The garlands continued coming over subsequent years. There have been nine Grammy awards and eight platinum albums – but the success unfolded against a difficult personal life. Blige had a hard childhood involving alcoholism and domestic abuse and grew up to become a troubled young woman, prone to drink and drug addiction. The theme of surviving recurs in her songs, such as 2001’s signature hit “No More Drama”.

The London Sessions opens with “Therapy”, a retro-gospel spin on Amy Winehouse’s “Rehab”, the latter’s black humour replaced with a very American striving for self-improvement. Unlike Winehouse (whose work, she says, is an “inspiration”), Blige has managed to beat her various addictions. In her forties, she is singing with as much force as at any point in her career.

“It hasn’t been easy,” she chuckles ruefully. “In life you’re going to go through trials and error but you learn to take care of yourself, you’ve got to take care of yourself because your body will break down, it’ll just shut down.”

London today reminds her of the New York of her youth. “The radio here is so diverse,” Blige says. “You’re not going to hear one genre of music on a station, you’re going to hear a lot of things. What I love about that is that when I was growing up in New York that’s what radio sounded like. You’d hear George Michael, then Luther Vandross.”

On stage at the Essence Festival, New Orleans, in July

I ask whether she finds that London’s music scene is more racially mixed than in the US. “Things are a little more separated there, as far as music is concerned,” she adds.

In 2012 she appeared in a Burger King advertisement in the US. To her horror, the advert, for a range of chicken wraps, was construed by critics as racist, leading the fast-food chain to apologise to the singer.

“It hurt me so bad to see the backlash and the things that people were saying and the amount of people that were crucifying me,” she says with feeling. “It hurt me so bad that I wanted to go under my bed, I wanted to go under my rug. But something made me rise up. The courageous person in me, that strong Mary said: ‘Put your head up, go do your job. Don’t worry about who’s laughing, matter of fact don’t even think about that. Just go out there and be Mary.’ ”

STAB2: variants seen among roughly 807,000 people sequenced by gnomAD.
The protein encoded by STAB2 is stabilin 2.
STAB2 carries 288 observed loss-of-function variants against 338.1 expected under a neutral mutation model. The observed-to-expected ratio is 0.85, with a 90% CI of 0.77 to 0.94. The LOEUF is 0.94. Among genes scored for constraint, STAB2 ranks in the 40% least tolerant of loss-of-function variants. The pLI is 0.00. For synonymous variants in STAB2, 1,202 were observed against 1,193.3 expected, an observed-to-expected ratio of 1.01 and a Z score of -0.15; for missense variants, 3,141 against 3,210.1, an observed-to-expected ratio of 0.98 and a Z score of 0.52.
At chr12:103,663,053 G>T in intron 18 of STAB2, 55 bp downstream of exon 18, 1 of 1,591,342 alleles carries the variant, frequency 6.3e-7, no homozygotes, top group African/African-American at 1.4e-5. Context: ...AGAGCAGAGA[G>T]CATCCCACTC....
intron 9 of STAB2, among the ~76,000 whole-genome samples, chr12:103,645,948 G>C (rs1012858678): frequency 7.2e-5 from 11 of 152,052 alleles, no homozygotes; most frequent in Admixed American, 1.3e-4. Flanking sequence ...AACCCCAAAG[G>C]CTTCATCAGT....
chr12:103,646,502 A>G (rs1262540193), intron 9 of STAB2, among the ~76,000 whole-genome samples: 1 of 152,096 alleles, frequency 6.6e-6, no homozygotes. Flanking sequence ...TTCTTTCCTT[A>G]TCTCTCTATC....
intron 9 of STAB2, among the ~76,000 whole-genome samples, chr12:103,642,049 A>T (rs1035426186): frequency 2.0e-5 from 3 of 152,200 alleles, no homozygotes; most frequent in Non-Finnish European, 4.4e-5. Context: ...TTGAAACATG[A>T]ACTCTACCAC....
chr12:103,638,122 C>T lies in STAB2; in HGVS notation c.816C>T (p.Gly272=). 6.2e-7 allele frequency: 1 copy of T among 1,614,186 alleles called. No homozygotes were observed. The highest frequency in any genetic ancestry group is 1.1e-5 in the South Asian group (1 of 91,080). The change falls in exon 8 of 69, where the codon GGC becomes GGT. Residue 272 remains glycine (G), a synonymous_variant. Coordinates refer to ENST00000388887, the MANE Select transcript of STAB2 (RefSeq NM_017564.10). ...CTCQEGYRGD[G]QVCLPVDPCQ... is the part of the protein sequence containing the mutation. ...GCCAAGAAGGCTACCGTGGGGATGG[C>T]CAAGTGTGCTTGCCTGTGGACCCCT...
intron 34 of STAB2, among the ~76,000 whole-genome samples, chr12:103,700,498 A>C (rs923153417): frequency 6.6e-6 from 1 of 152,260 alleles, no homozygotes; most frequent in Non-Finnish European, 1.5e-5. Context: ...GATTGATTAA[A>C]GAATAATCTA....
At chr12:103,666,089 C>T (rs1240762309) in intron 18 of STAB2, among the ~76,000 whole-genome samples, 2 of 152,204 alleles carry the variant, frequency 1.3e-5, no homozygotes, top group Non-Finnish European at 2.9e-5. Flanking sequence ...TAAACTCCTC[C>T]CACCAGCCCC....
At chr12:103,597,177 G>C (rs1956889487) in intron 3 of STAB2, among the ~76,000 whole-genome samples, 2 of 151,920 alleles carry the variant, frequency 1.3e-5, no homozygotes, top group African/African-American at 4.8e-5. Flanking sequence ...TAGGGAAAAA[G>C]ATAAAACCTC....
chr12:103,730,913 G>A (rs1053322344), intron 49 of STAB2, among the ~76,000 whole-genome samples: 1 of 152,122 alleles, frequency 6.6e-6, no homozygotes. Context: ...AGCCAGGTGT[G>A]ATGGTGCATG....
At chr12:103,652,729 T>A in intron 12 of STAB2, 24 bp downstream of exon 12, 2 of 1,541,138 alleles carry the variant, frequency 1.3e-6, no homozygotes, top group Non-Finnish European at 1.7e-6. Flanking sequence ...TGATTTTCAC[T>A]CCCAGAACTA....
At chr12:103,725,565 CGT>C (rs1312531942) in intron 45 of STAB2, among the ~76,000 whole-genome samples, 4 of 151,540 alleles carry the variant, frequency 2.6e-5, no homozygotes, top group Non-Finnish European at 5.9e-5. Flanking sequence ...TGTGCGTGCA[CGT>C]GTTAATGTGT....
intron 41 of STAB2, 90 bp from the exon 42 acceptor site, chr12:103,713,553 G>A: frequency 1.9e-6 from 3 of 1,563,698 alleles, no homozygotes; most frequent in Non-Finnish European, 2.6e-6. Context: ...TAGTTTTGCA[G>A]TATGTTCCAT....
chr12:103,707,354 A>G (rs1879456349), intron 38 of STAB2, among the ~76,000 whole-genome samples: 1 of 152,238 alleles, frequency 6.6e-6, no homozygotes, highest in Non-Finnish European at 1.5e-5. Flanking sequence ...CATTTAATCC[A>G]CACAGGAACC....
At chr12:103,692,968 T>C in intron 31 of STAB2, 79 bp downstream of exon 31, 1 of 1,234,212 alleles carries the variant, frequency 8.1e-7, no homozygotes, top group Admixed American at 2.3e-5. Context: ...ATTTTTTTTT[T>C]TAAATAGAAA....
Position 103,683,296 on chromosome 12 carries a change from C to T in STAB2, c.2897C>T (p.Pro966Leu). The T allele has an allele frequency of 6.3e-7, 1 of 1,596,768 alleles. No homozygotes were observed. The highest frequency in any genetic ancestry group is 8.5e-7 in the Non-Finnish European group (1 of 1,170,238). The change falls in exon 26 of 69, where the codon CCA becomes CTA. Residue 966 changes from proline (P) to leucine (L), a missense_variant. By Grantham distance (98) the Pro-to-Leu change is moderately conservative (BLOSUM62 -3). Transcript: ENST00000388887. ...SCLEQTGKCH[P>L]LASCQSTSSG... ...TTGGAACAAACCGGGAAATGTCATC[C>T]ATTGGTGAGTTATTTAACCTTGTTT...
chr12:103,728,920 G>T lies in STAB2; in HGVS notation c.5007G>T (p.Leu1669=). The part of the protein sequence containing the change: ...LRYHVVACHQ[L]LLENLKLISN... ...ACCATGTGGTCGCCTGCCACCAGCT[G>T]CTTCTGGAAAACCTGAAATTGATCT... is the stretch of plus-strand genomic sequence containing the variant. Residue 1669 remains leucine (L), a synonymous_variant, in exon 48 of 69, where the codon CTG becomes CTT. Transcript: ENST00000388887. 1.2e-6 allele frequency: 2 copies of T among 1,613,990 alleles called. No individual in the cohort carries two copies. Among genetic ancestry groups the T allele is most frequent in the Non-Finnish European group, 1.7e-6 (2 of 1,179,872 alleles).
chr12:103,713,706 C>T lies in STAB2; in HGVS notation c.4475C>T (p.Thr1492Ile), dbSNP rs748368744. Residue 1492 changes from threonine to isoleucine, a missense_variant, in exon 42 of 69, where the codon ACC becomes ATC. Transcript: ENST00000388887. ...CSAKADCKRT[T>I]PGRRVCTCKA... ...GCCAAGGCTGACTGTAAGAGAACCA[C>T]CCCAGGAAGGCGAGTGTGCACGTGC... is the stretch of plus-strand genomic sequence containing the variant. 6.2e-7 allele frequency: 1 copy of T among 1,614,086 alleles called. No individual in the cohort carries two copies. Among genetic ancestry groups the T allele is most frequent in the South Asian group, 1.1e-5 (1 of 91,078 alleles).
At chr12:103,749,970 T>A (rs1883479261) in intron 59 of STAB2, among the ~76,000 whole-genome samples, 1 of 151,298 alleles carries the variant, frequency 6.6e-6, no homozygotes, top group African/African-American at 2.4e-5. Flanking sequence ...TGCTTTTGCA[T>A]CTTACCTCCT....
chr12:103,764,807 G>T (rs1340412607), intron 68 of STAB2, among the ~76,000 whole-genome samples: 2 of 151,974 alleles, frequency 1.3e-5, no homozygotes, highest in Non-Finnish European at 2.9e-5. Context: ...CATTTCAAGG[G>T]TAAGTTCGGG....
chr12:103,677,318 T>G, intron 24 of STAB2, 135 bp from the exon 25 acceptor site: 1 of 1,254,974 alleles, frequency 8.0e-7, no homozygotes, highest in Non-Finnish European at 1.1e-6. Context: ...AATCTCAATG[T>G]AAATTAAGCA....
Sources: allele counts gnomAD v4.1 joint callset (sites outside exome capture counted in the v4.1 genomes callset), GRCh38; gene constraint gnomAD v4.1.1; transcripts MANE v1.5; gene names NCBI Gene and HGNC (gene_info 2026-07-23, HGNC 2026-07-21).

The US publicist intervenes. “Are you having to cover the negative part?” she asks me. But there is no stopping Blige.

She mentions another “hell” she had to face recently, when her father narrowly escaped death after being stabbed by a former girlfriend.

“I am a soldier,” she says. “I come through it. I am a phoenix. I rise through the ashes and here I am.” Her language takes on a religious cadence, an echo of the days when she found refuge from her tough upbringing singing gospel songs in church. “I have been chosen to do this job. And now I serve people. I am nothing but a servant and they see that.”

On the night of our meeting she had played a show that culminated with an epic “No More Drama”, Blige on her knees singing with maximum power as the audience chanted: “Ma-ry! Ma-ry!”

Amid her new London direction, it was a moment of old-fashioned American catharsis. “It felt like you worked out something, like you got something out that you needed to get out,” she says with a laugh. “And everyone else got out something that they needed to get out. It’s just one moment, everyone’s just yelling and screaming, because they’re released as well. It’s a really powerful, spiritual moment.”

‘The London Sessions’ will be released on November 24 in the UK and December 2 in the US

Photographs: Josh Brasted/Getty Images